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Puʻu ʻŌʻō Breakouts Continue – No Significant Advancement

The two breakouts that began at Puʻu ʻŌʻō yesterday (May 24) are still active.

As of 8:30 a.m., HST, today, May 25, 2016, lava continued to flow from two breakout sites on the flanks of the Puʻu ʻŌʻō cone, which was shrouded by rain and steam during HVO’s morning overflight.

Click to enlarge

This morning, the active portions of both flows remained relatively short, extending no more than 1 km (0.6 miles) from their breakout points. The northern breakout, shown here, changed course slightly overnight, but is still directed towards the northwest in an impressive channel, with lava spreading out at the flow front. Click to enlarge

At the northern breakout (see maps at http://hvo.wr.usgs.gov/maps/), a new lobe of lava broke out of yesterday’s active channel and was advancing to the northwest. This new lobe of lava had advanced about 950 m (0.6 mi) as of this morning. Yesterday’s channel—now inactive—is visible to the right of today’s flow.

hvo52516b

In this thermal image of the northern breakout, the active lava channel and flow front are clearly revealed as bright yellow and pink colors. The channel that was active yesterday, but now stagnate, is visible as a bluish-purple line to the right of today’s active flow.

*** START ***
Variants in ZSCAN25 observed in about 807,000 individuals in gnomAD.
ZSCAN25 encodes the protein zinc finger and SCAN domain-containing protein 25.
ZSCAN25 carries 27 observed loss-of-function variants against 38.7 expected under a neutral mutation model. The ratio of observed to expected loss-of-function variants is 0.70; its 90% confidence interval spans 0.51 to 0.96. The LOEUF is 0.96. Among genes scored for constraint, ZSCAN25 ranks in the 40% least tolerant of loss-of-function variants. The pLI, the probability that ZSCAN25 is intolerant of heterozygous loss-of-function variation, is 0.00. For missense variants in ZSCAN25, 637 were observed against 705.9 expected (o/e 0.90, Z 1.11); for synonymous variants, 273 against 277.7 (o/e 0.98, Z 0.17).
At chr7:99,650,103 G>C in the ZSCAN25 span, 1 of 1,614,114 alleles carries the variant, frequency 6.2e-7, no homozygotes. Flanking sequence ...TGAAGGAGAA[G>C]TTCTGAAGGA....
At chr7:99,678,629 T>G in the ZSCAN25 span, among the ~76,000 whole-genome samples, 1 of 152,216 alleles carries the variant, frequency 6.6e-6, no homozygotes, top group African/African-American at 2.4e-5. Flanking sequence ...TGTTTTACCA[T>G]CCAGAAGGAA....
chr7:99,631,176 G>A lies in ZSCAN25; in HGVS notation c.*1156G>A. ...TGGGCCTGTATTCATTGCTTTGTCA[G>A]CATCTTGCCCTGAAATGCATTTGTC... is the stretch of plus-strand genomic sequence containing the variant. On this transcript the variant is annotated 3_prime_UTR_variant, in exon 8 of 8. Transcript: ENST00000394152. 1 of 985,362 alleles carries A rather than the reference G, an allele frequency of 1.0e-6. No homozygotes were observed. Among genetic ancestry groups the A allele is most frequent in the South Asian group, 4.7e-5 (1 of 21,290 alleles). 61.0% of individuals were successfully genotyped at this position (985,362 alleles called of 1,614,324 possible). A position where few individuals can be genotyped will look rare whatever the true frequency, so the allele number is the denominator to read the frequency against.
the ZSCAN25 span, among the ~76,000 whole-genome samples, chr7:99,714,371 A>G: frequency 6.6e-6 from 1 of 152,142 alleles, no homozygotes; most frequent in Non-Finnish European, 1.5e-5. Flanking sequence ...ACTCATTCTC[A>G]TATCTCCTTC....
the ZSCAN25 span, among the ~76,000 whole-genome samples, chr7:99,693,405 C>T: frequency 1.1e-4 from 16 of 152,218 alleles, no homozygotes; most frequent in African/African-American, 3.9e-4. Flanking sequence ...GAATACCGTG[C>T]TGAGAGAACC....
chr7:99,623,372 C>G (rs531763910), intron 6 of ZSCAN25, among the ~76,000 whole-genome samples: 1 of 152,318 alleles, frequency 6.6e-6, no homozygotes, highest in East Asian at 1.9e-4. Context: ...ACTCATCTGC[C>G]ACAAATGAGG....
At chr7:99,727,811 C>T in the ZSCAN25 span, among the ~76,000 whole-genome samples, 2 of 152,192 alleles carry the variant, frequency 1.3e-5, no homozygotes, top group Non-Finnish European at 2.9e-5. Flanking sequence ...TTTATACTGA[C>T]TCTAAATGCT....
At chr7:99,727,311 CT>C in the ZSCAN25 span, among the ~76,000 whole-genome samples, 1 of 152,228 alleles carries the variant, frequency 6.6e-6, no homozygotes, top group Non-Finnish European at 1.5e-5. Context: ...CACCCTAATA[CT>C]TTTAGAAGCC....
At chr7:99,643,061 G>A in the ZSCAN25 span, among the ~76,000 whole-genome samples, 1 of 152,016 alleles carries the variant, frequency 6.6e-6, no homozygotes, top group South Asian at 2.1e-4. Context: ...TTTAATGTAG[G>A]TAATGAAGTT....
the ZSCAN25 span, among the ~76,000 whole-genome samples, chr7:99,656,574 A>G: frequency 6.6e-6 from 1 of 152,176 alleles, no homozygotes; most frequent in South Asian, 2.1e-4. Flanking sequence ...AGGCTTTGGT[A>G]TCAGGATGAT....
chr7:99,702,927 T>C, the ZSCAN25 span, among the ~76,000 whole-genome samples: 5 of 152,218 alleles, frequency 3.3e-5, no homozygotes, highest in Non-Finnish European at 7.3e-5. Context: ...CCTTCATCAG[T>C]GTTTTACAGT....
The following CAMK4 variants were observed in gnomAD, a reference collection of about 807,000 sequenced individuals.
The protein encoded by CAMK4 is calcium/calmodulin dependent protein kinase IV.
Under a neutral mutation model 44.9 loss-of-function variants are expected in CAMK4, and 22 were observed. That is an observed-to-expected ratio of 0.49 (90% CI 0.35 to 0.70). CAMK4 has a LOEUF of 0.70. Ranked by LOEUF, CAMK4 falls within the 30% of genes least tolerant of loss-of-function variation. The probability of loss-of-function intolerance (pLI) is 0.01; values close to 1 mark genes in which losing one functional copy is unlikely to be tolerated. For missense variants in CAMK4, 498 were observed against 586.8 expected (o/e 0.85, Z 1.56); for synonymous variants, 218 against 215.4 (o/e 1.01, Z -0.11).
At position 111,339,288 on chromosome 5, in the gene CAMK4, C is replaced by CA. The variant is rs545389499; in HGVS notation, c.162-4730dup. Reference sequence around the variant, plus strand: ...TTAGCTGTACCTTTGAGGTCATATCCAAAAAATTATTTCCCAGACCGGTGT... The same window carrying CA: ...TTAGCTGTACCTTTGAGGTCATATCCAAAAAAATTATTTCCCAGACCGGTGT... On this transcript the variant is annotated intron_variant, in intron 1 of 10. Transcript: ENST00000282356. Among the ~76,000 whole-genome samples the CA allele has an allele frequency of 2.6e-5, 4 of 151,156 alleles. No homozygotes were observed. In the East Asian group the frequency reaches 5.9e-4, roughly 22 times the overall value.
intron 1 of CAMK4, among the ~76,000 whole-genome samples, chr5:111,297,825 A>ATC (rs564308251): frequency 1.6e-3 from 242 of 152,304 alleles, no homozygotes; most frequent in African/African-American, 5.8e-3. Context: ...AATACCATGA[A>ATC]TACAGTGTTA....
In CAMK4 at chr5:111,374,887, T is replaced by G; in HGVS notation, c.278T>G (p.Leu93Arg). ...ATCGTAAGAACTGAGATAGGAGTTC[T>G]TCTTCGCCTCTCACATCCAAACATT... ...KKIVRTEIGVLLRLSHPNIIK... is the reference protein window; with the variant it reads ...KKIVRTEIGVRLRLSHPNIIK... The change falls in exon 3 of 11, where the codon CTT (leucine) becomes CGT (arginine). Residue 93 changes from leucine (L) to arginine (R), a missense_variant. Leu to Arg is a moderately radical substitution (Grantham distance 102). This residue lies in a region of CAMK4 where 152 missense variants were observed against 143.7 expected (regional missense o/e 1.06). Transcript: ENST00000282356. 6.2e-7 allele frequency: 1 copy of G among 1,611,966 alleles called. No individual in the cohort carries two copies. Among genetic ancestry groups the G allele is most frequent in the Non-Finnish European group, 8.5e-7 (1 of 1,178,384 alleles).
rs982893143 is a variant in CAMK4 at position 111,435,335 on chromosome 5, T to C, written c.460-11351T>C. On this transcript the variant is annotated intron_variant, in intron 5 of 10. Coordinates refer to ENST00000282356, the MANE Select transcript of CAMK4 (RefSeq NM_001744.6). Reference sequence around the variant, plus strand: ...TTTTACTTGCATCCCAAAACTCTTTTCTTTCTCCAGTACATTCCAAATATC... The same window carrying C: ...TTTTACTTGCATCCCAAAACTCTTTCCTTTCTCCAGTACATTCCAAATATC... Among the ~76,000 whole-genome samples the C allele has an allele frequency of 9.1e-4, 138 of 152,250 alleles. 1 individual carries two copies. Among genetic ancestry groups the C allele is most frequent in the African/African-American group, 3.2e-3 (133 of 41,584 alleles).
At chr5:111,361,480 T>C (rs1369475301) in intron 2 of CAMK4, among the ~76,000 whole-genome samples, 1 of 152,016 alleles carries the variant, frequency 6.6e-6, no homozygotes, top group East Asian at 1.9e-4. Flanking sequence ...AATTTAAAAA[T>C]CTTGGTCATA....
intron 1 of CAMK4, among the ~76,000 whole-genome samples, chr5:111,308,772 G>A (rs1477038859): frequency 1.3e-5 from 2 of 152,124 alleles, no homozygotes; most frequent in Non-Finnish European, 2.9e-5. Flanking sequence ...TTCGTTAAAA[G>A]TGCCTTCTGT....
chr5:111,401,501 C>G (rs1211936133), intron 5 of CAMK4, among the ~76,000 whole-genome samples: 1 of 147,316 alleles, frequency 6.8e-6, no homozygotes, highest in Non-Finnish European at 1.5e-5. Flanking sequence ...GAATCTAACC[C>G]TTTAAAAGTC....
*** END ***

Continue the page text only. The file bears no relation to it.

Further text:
This morning (May 25, 2016), the northern breakout on Puʻu ʻŌʻō was feeding an impressive channel of lava that extended about 950 m (0.6 mi) northwest of the cone. This channel was about 10 m (32 ft) wide as of 8:30 a.m., HST.

Click to enlarge

Click to enlarge

The second flow from the eastern breakout on Puʻu ʻŌʻō—in the area of the “Peace Day” flow that broke out in September 2011—remained active as of this morning, and its total length was about 1.2 km (0.75 mi) long.

Click to enlarge

Click to enlarge

This lava flow was slowly spreading laterally, but the flow front had stalled.

Click to enlarge

Click to enlarge

Despite heavy rain, which resulted in blurry spots on this photo due to water droplets on the camera lens, HVO scientists were able to do some of the work they hoped to accomplish during this morning’s overflight.

Click to enlarge

Here, an HVO geologist maps the location of active lava from the eastern breakout on Puʻu ʻŌʻō. Click to enlarge

Amidst steam created by rain falling on the hot lava, another HVO geologist uses a rock hammer to collect a sample of the active flow.

Analyses of this sample will yield data on the temperature and chemical makeup of the lava, information that is needed to help determine what's happening within the volcano.  Click to enlarge

Analyses of this sample will yield data on the temperature and chemical makeup of the lava, information that is needed to help determine what’s happening within the volcano. Click to enlarge

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